DETROIT – Bassist Christian McBride and his quintet, narrators representing four icons of the Civil Rights Movement, J.D. Steele and the Second Ebenezer Majestic Voices, the Detroit Jazz Festival Orchestra, and more than 2,000 people gathered in one mega-sanctuary Sunday night for The Movement Revisited, McBride's jazz opus, presented for free by the Detroit International Jazz Festival for Black History Month.
The first reading was Dr. Martin Luther King Jr.'s opening address "On the Importance of Jazz." for the 1964 Berlin Jazz Festival with the theme that “This is triumphant music." Anthony L. Brock Jr., a student at the Detroit School of the Arts, delivered it -- short and meaningful. (Link to text below)
Following the “Freedom / Struggle” overture, poet Sonia Sanchez spoke words of Rosa Parks, whose refusal in the mid 1950s to move back in a city bus launched the 381-day boycott in Montgomery, AL. Parks later lived in Detroit. Willis Patterson, Emeritus Professor of Voice from the University of Michigan, spoke Malcolm X's words; Malcolm Little grew up in Lansing, became known as Detroit Red. Dion Graham from The Wire spoke Muhammad Ali's words; Ali now lives near here. Bishop Edgar L. Vann II of Second Ebenezer re-created the "I Have A Dream" speech. King delivered the first known version at Cobo Hall on June 23, 1963. According to the Civil Rights Timeline in the printed program, 125,000 people marched on Woodward Avenue that day. The organizer was Rev. C. L. Franklin, Aretha's father.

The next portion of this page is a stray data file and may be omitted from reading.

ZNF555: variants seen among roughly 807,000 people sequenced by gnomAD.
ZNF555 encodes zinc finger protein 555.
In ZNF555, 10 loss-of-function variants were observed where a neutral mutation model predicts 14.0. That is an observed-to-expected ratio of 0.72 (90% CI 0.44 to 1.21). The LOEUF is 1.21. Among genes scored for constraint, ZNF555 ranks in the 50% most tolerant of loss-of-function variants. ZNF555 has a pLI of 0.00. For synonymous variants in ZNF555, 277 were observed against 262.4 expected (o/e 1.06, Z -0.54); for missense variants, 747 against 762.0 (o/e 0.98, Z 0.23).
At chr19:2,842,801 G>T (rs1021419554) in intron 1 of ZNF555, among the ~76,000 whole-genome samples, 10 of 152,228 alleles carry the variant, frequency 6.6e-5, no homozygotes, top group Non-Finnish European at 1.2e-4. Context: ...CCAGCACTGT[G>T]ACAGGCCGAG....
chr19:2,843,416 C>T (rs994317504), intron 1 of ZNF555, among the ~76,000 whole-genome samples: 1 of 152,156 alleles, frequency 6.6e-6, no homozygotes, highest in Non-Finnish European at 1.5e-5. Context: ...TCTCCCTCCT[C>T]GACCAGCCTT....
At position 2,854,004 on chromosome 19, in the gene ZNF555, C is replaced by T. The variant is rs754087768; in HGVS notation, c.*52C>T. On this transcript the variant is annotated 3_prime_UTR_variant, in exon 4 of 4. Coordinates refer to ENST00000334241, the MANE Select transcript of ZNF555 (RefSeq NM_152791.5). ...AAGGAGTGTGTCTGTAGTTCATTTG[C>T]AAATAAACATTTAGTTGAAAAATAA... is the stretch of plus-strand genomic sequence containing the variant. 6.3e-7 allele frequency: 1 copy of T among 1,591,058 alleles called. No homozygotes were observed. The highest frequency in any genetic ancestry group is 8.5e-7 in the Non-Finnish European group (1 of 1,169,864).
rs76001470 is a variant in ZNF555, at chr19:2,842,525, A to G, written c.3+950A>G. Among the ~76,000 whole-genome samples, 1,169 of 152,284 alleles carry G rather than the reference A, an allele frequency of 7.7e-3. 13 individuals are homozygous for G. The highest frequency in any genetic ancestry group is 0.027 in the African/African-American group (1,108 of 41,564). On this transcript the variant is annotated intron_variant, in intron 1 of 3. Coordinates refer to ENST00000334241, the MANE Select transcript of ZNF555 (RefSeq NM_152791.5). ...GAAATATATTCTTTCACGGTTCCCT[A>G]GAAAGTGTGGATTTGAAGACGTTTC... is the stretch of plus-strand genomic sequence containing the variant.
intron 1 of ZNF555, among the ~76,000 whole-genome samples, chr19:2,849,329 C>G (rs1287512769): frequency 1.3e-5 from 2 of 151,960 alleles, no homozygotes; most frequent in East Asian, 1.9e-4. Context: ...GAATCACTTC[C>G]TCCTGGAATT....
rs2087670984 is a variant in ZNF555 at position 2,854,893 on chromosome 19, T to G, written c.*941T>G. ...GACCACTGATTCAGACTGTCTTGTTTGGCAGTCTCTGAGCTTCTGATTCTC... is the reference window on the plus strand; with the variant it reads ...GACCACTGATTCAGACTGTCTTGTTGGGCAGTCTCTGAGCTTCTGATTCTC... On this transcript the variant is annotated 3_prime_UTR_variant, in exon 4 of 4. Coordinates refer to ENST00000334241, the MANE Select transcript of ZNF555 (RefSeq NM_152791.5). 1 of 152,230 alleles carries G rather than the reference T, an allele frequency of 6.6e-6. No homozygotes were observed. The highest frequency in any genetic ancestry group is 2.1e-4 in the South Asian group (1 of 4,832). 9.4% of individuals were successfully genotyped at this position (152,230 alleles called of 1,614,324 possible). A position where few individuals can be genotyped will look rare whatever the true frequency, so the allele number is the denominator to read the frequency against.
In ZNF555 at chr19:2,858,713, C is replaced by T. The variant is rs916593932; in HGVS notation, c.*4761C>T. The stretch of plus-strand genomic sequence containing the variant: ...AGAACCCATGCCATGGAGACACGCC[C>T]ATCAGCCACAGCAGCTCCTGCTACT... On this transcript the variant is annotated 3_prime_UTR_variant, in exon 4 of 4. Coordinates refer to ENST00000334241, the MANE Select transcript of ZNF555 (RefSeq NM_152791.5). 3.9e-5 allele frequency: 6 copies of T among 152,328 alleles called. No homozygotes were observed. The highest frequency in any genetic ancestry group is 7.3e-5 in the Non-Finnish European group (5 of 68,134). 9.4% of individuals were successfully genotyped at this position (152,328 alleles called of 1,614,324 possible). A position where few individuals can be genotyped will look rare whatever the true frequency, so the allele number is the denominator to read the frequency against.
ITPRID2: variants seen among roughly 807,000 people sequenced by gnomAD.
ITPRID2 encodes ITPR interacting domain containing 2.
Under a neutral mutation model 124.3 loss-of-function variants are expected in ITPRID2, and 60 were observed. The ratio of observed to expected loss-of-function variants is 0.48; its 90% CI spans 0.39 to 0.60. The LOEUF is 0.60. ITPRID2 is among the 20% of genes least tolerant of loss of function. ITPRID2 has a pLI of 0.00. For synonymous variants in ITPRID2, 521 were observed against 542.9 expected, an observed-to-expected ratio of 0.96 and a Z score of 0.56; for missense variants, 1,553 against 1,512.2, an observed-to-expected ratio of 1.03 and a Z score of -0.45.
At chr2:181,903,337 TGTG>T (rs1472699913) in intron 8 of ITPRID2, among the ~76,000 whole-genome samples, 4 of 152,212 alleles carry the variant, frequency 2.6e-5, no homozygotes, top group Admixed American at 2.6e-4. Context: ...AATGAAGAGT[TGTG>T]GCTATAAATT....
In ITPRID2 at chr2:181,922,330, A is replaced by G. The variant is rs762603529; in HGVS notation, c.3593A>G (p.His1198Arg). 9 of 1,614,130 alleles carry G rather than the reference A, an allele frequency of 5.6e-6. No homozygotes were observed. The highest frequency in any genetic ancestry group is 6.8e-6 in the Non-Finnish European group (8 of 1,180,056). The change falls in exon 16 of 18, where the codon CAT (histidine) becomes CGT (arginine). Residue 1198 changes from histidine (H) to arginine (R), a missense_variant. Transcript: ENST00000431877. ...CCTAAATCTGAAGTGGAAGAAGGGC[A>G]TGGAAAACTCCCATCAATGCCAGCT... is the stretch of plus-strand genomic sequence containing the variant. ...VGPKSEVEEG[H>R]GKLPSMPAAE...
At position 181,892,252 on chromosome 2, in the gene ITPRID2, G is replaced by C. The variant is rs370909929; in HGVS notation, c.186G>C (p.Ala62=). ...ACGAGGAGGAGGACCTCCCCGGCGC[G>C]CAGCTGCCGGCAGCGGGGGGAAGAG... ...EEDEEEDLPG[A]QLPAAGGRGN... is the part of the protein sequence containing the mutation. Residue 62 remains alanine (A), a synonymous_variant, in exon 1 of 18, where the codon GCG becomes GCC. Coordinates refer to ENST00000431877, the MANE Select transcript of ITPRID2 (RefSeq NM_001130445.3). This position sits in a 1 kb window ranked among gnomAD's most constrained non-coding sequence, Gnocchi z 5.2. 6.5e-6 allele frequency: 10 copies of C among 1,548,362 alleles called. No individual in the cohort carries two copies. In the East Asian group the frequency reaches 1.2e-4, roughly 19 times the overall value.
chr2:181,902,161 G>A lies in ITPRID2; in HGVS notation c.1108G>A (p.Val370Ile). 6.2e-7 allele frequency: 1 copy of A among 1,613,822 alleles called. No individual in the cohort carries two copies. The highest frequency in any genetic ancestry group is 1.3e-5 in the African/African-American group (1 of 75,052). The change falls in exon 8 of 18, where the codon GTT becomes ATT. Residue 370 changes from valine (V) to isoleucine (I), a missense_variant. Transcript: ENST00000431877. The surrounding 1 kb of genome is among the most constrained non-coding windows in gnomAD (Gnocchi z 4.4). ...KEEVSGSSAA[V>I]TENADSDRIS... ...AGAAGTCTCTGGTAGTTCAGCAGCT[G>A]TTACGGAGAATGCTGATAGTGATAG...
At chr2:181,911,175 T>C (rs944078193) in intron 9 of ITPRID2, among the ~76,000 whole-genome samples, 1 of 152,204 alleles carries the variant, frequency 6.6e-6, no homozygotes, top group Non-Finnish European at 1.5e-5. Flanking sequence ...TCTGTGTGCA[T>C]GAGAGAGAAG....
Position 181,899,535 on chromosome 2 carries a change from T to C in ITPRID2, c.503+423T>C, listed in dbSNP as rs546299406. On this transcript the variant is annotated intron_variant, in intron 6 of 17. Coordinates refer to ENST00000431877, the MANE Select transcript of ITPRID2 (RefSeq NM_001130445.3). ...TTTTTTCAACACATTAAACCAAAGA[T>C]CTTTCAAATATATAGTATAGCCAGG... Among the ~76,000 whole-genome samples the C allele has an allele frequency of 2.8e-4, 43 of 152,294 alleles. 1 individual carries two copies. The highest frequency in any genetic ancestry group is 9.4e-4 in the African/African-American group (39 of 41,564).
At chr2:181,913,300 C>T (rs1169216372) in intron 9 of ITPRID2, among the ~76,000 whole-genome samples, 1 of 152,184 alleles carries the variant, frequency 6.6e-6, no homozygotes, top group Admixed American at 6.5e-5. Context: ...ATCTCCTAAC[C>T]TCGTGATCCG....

Two weeks ago in a performance of TMR that I saw at Juilliard, students did the playing and speaking, to great effect. After all, the four who are now icons were young when they led the Movement. Yet Sunday night, I sensed that at least two of the narrators had lived the history and were drawing on experience. That perspective is perishable; savor the moment.
With the speakers on the left, the orchestra to the right, the center was for Christian's quintet -- Ron Blake, Geoff Keezer, Warren Wolf, Terreon Gully. Blake soloed on tenor in response to the words of Malcolm X, post Mecca -- “All credit is due to Allah; only the mistakes are mine.” Gully’s drums dramatized Ali. J. D. Steele and the choral music were true highlights with “She Said” for Parks, “Rumble in the Jungle” for Ali, "Free at last, free at last!" after King. The oratorio is Christian's vision, his music draws from the era, his bass lines are the foundation. His underscoring of the speakers’ words helped to inspire flawless reads.
As laid out in the Timeline, between 1962-69 Detroit was ground zero for the formation of the Freedom Now Party, Operation Negro Equality, Northern Negro Grassroots Leadership Conference, Freedom School (following a protest at Detroit Northern High School), Citywide Citizens Action Committee or CCAC, Dodge Revolutionary Union Movement or DRUM, League of Revolutionary Black Workers, to name some. There was violence and loss of life too. Many in the audience at Second Ebenezer lived the history, making this performance The Movement Revisited even more powerful.
Earlier in the week, Christian answered to Five Questions about the piece in the Detroit Free Press.
Jeff Gerritt's editorial "Michigan Man Malcolm X Deserves a Lasting Tribute"